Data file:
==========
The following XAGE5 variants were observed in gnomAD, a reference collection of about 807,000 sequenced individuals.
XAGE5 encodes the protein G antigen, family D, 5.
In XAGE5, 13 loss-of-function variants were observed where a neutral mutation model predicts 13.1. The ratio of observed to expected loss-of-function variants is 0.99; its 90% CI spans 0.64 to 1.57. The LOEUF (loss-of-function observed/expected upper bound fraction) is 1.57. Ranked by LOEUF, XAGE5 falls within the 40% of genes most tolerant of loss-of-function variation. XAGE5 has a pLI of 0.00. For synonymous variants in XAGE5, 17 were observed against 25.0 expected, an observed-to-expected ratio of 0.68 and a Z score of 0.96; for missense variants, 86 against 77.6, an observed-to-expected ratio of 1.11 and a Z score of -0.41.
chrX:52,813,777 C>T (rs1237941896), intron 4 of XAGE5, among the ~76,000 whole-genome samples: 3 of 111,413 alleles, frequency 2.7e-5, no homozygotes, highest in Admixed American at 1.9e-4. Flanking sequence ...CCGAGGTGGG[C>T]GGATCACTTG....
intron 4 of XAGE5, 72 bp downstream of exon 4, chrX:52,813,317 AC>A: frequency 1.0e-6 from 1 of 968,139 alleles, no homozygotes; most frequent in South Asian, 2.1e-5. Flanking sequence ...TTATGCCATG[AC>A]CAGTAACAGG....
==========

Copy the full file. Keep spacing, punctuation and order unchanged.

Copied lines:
The following XAGE5 variants were observed in gnomAD, a reference collection of about 807,000 sequenced individuals.
XAGE5 encodes the protein G antigen, family D, 5.
In XAGE5, 13 loss-of-function variants were observed where a neutral mutation model predicts 13.1. The ratio of observed to expected loss-of-function variants is 0.99; its 90% CI spans 0.64 to 1.57. The LOEUF (loss-of-function observed/expected upper bound fraction) is 1.57. Ranked by LOEUF, XAGE5 falls within the 40% of genes most tolerant of loss-of-function variation. XAGE5 has a pLI of 0.00. For synonymous variants in XAGE5, 17 were observed against 25.0 expected, an observed-to-expected ratio of 0.68 and a Z score of 0.96; for missense variants, 86 against 77.6, an observed-to-expected ratio of 1.11 and a Z score of -0.41.
chrX:52,813,777 C>T (rs1237941896), intron 4 of XAGE5, among the ~76,000 whole-genome samples: 3 of 111,413 alleles, frequency 2.7e-5, no homozygotes, highest in Admixed American at 1.9e-4. Flanking sequence ...CCGAGGTGGG[C>T]GGATCACTTG....
intron 4 of XAGE5, 72 bp downstream of exon 4, chrX:52,813,317 AC>A: frequency 1.0e-6 from 1 of 968,139 alleles, no homozygotes; most frequent in South Asian, 2.1e-5. Flanking sequence ...TTATGCCATG[AC>A]CAGTAACAGG....